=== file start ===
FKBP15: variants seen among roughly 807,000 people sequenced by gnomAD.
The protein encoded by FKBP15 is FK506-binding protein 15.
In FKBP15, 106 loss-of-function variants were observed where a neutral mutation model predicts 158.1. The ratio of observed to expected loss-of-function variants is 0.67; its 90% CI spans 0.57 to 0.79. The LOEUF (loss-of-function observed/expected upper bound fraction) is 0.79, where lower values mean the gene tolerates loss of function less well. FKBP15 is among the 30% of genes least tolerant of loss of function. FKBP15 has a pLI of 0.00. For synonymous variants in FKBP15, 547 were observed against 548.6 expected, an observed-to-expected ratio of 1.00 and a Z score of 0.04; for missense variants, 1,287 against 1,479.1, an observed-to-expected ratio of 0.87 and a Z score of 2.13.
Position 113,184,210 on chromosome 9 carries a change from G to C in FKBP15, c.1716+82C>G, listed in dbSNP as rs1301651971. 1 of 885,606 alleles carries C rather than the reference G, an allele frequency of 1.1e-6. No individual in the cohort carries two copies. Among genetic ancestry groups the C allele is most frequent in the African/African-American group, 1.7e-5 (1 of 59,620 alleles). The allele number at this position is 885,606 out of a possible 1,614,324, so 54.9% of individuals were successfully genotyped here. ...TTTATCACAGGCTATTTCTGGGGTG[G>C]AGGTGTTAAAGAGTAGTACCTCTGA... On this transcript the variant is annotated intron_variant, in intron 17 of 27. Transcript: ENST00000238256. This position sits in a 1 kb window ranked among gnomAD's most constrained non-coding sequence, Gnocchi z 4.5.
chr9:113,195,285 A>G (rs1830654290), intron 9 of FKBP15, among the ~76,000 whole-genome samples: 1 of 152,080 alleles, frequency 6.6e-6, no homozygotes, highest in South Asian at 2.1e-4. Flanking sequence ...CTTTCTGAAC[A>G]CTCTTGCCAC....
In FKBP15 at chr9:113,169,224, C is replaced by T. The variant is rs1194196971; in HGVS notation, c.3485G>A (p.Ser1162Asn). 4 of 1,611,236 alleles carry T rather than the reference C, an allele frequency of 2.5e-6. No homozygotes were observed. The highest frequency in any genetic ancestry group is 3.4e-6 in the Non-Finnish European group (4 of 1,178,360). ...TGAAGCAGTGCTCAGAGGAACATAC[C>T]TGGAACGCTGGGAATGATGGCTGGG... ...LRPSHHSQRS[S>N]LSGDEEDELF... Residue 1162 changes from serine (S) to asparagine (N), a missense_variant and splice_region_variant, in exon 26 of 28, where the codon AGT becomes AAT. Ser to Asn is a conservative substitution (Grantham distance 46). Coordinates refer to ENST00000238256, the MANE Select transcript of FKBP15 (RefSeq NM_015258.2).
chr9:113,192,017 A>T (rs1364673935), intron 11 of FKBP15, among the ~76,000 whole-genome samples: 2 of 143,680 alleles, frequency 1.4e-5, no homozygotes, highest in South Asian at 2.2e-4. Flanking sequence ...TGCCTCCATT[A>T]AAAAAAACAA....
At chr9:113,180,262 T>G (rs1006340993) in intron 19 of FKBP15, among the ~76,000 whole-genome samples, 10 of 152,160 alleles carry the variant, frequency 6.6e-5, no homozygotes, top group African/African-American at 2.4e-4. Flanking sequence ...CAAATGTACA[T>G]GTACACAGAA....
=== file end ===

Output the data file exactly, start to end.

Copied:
FKBP15: variants seen among roughly 807,000 people sequenced by gnomAD.
The protein encoded by FKBP15 is FK506-binding protein 15.
In FKBP15, 106 loss-of-function variants were observed where a neutral mutation model predicts 158.1. The ratio of observed to expected loss-of-function variants is 0.67; its 90% CI spans 0.57 to 0.79. The LOEUF (loss-of-function observed/expected upper bound fraction) is 0.79, where lower values mean the gene tolerates loss of function less well. FKBP15 is among the 30% of genes least tolerant of loss of function. FKBP15 has a pLI of 0.00. For synonymous variants in FKBP15, 547 were observed against 548.6 expected, an observed-to-expected ratio of 1.00 and a Z score of 0.04; for missense variants, 1,287 against 1,479.1, an observed-to-expected ratio of 0.87 and a Z score of 2.13.
Position 113,184,210 on chromosome 9 carries a change from G to C in FKBP15, c.1716+82C>G, listed in dbSNP as rs1301651971. 1 of 885,606 alleles carries C rather than the reference G, an allele frequency of 1.1e-6. No individual in the cohort carries two copies. Among genetic ancestry groups the C allele is most frequent in the African/African-American group, 1.7e-5 (1 of 59,620 alleles). The allele number at this position is 885,606 out of a possible 1,614,324, so 54.9% of individuals were successfully genotyped here. ...TTTATCACAGGCTATTTCTGGGGTG[G>C]AGGTGTTAAAGAGTAGTACCTCTGA... On this transcript the variant is annotated intron_variant, in intron 17 of 27. Transcript: ENST00000238256. This position sits in a 1 kb window ranked among gnomAD's most constrained non-coding sequence, Gnocchi z 4.5.
chr9:113,195,285 A>G (rs1830654290), intron 9 of FKBP15, among the ~76,000 whole-genome samples: 1 of 152,080 alleles, frequency 6.6e-6, no homozygotes, highest in South Asian at 2.1e-4. Flanking sequence ...CTTTCTGAAC[A>G]CTCTTGCCAC....
In FKBP15 at chr9:113,169,224, C is replaced by T. The variant is rs1194196971; in HGVS notation, c.3485G>A (p.Ser1162Asn). 4 of 1,611,236 alleles carry T rather than the reference C, an allele frequency of 2.5e-6. No homozygotes were observed. The highest frequency in any genetic ancestry group is 3.4e-6 in the Non-Finnish European group (4 of 1,178,360). ...TGAAGCAGTGCTCAGAGGAACATAC[C>T]TGGAACGCTGGGAATGATGGCTGGG... ...LRPSHHSQRS[S>N]LSGDEEDELF... Residue 1162 changes from serine (S) to asparagine (N), a missense_variant and splice_region_variant, in exon 26 of 28, where the codon AGT becomes AAT. Ser to Asn is a conservative substitution (Grantham distance 46). Coordinates refer to ENST00000238256, the MANE Select transcript of FKBP15 (RefSeq NM_015258.2).
chr9:113,192,017 A>T (rs1364673935), intron 11 of FKBP15, among the ~76,000 whole-genome samples: 2 of 143,680 alleles, frequency 1.4e-5, no homozygotes, highest in South Asian at 2.2e-4. Flanking sequence ...TGCCTCCATT[A>T]AAAAAAACAA....
At chr9:113,180,262 T>G (rs1006340993) in intron 19 of FKBP15, among the ~76,000 whole-genome samples, 10 of 152,160 alleles carry the variant, frequency 6.6e-5, no homozygotes, top group African/African-American at 2.4e-4. Flanking sequence ...CAAATGTACA[T>G]GTACACAGAA....